How To Do Therapy Efficiently

Written by: Jorinde Berben
Image credit: pexels.com

Since this is the third post I start writing today, I’m not sure I should be writing about efficiency, but here I go anyway.

When I first started going to therapy, with my two previous therapists and even with my current one in the beginning, it was a kind of hit-and-miss show. Sometimes I would have wonderful insights and emotional break-throughs. Other times, we would just talk about how things were going and how I was feeling, but I felt we wouldn’t really get anywhere. At those times, I would be convinced that ‘therapy doesn’t really work, anyway‘ or ‘this is a bad therapist because they’re not bringing out my deepest trauma.’ I took on the role of the ‘recipient‘ of the therapy.
I’ve since learned that there is no such thing.

In therapy and coaching it’s a question of what you bring to the table. You are an active participant. Yes, the coach is there to guide you. Yes, the therapist can help you figure out what’s wrong. But neither of them will do the work for you. No one knows in what area, to what extent and in what way you need to be helped, better than you do. Even if you don’t have awareness in all areas of your psyche (which seems like a tough goal to reach as it is), you can still recognise with which situations, thoughts or emotions you struggle.

It was my partner who first told me: “Oh, but when I go to my therapist, I bring an issue to the table.” At first this sounded odd to me. As if you, as a patient, would know better than the therapist. But then it clicked in my mind: Yes, you do know best what is blocking you. You live with it every day. You run into issues, we all do, that could be tackled in therapy.

My approach to coaching has since changed. When I go to my therapist, I take some time in the days leading up to ask myself which incidents or behaviors I’ve struggled with over the past weeks. Today, I even asked my partner what he noticed me struggle with in particular, since he’s my closest and most dedicated observer.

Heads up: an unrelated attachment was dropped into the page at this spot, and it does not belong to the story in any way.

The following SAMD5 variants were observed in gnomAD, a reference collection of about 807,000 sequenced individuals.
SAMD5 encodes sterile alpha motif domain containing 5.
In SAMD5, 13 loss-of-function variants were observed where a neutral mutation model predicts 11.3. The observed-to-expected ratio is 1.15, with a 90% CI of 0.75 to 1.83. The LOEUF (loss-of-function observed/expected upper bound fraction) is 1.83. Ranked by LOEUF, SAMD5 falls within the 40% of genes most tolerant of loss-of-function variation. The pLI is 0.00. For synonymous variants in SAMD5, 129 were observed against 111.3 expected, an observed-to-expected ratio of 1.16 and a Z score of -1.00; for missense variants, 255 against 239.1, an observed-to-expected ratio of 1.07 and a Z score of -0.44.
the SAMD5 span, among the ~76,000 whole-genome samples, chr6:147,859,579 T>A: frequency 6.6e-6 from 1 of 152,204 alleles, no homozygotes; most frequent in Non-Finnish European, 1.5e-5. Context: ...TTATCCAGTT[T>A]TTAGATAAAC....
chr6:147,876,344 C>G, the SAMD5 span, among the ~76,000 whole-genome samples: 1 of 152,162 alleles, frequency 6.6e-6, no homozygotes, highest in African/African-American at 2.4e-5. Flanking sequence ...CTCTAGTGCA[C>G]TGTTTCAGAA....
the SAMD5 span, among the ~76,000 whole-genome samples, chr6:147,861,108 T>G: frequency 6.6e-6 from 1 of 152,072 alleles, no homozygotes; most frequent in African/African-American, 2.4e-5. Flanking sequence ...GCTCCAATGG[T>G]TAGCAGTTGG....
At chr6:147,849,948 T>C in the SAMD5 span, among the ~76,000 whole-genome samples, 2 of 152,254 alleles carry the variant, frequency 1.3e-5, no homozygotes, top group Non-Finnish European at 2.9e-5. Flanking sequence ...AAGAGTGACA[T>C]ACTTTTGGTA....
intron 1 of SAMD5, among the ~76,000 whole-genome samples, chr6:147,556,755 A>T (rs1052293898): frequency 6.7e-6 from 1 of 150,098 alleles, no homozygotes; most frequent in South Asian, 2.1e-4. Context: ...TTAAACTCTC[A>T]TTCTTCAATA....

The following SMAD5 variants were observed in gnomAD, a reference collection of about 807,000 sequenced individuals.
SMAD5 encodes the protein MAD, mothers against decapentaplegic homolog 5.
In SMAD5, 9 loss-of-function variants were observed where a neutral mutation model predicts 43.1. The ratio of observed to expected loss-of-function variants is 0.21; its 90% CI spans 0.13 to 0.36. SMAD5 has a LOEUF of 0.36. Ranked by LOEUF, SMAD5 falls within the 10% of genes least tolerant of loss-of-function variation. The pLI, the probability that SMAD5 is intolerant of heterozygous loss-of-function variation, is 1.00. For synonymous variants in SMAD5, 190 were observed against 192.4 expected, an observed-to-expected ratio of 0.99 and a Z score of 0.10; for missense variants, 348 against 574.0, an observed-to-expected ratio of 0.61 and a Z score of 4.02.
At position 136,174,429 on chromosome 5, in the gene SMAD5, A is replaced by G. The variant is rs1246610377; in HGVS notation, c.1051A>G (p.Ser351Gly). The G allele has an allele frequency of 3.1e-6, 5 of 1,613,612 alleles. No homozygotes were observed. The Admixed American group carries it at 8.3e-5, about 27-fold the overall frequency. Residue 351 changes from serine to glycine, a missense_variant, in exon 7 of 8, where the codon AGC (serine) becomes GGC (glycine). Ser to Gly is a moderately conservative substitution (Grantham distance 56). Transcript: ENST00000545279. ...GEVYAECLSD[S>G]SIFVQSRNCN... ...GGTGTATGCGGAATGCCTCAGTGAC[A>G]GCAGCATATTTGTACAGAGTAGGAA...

I usually have about 3-4 issues ready, and we talk through them in the beginning of the session. This could be a discussion I had with my partner, or a moment I snapped at the children and didn’t know why, or a work issue I can’t seem to get a hold of.
We then decide which issue seems to be most pressing and work with that. If there’s time left, we might tackle something else as well.

In my coaching, I notice I will do the same thing. I’ll ask clients to think about which issue they want to deal with before the session. If they have a hard time, I might focus on when they last experienced any of the following emotions: anger, fear, sadness or disgust. Or I’ll ask whether they find themselves procrastinating on certain tasks, or avoiding certain people.

I want to get the most out of my sessions with a therapist, and I want to offer my clients the highest possible value as well for the time I have with them. As a client, you carry the greatest power in what your sessions are worth to you.

Do you want some help in preparing for you next session with a therapist or coach? Ask yourself the following questions:
  • What moments in the past week were hard for me?
  • When did I experience a drop in energy?
  • How have my personal relationships been lately?
  • What did I discuss in the last session, and how has that evolved?
  • When was I angry/afraid/sad lately and what caused those feelings?
  • Do I find myself going toward addictive behaviors? When is that?
  • What have I been saying to myself lately? Has it been helpful or harmful? Why do I say those things?

These are only a few questions to get you started, but they can make a great difference in the quality of your session, or even just help you explore your own mind.

Remember, when it comes to life, and to coaching: You’ll get out of it, what you put into it. And it all starts with what you bring to the table.

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